In conclusion it is not weird at all you find an IDE roaming through a health insurance its organization. However, trying to find ways to improve a service on a personal level for several millions of clients, cooperating with thousands of colleagues in a field in which maneuverability is limited by laws and regulations, is a whole other ball game than gathering five people around a table with steel table top and have a brainstorm with no boundaries. To fill that need I still have, I am starting my own company this summer, named Blickwinkel, where I will try and realize unorthodox projects with as few restrictions as possible. To be continued!

Text by Reinout de Kraker // 37 turn the page

8/10/2011 2:07:23 PM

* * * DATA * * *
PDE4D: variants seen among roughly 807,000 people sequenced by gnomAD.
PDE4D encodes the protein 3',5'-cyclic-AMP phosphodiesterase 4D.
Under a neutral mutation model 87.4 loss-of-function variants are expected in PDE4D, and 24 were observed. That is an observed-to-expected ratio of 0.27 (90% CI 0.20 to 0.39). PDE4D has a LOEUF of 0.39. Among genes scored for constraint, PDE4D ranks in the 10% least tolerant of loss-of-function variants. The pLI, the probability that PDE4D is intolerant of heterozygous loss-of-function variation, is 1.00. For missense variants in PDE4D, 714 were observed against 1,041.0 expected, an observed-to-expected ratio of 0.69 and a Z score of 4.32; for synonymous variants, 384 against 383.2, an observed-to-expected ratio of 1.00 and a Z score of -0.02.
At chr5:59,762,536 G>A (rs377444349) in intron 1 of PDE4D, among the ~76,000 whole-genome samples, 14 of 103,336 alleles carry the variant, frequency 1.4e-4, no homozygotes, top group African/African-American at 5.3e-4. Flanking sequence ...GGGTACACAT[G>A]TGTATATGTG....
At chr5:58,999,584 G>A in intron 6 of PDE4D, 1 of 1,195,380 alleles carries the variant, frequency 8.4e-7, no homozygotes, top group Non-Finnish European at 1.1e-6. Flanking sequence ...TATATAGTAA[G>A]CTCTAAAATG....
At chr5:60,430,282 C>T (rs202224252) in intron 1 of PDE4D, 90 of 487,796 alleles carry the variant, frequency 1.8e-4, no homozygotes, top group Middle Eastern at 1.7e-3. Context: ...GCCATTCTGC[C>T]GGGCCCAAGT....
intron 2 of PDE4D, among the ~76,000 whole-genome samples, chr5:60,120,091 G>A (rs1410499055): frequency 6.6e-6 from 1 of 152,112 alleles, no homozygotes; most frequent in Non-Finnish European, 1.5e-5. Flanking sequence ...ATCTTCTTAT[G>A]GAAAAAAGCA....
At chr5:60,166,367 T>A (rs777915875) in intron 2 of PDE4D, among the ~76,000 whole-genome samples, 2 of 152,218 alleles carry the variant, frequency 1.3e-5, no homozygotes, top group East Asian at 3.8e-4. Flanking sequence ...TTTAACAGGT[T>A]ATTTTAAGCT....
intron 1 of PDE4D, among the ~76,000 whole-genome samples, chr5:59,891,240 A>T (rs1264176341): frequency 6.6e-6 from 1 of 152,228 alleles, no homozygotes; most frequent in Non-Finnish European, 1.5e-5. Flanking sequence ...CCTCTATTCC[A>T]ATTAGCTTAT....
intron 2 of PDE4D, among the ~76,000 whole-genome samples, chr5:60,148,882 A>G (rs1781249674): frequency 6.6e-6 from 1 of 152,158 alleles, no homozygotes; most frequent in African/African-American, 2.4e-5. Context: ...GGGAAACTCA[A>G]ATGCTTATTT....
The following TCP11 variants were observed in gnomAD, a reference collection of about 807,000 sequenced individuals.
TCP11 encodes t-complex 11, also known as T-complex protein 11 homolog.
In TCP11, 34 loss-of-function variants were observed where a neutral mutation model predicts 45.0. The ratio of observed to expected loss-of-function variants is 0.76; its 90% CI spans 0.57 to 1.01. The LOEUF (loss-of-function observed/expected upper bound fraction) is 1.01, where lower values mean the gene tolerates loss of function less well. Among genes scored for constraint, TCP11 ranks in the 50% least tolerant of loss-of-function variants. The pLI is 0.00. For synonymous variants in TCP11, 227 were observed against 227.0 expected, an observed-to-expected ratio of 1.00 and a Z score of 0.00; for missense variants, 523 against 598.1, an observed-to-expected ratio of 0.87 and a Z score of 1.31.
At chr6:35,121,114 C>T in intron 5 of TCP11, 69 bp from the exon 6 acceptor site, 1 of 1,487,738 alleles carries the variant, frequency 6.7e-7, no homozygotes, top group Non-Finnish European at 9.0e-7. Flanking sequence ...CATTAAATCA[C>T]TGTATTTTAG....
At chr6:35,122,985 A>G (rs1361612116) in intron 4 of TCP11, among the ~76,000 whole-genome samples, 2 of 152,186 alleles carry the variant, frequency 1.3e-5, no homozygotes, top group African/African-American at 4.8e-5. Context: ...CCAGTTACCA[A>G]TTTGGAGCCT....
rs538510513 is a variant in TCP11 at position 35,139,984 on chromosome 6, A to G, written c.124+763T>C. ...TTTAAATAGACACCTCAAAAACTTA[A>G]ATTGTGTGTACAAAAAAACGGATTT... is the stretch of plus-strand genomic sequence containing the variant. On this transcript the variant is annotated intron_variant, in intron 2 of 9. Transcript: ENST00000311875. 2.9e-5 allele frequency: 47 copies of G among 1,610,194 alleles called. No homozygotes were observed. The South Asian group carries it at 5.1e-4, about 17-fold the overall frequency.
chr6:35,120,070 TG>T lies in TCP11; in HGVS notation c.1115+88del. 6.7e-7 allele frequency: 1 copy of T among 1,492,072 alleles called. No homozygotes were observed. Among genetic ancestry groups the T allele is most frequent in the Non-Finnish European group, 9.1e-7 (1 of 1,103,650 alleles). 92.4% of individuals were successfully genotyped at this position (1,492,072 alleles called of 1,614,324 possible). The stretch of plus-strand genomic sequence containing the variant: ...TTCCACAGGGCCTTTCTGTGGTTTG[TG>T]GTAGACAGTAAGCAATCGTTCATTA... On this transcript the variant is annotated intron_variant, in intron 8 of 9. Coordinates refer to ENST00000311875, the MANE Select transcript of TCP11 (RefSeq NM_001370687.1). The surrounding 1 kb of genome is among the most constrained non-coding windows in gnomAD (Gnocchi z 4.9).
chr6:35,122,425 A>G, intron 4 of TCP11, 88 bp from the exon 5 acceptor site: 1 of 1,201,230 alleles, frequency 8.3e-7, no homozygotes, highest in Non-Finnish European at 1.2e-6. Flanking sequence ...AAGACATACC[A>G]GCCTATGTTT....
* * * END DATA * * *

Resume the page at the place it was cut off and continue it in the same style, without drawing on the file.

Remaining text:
eing a graduate student facing the challenge to combine the emerging fields of gaming and energy, it seemed that I should come in touch with something different than Industrial Design Engineering in particular. I was busy finding the core of motivation in people’s daily life and creating a clear overview of what gaming means besides shooting and racing. First, it raised the question; “Is this Industrial Design Engineering?” But, since graduation worked out well and I got my diploma, I rephrased it to; “What is Industrial Design Engineering”? Not worrying about this question anymore, I started thinking about work. Graduation resulted in a pilot set up, which describes the way we thought that gaming could be introduced to encourage end-users for energy savings in daily life. By putting the pilot into practice it supposed to find some proof of concept and create solid ground for a decision to start commercialising the approach. Luckily, it turned out to be successful.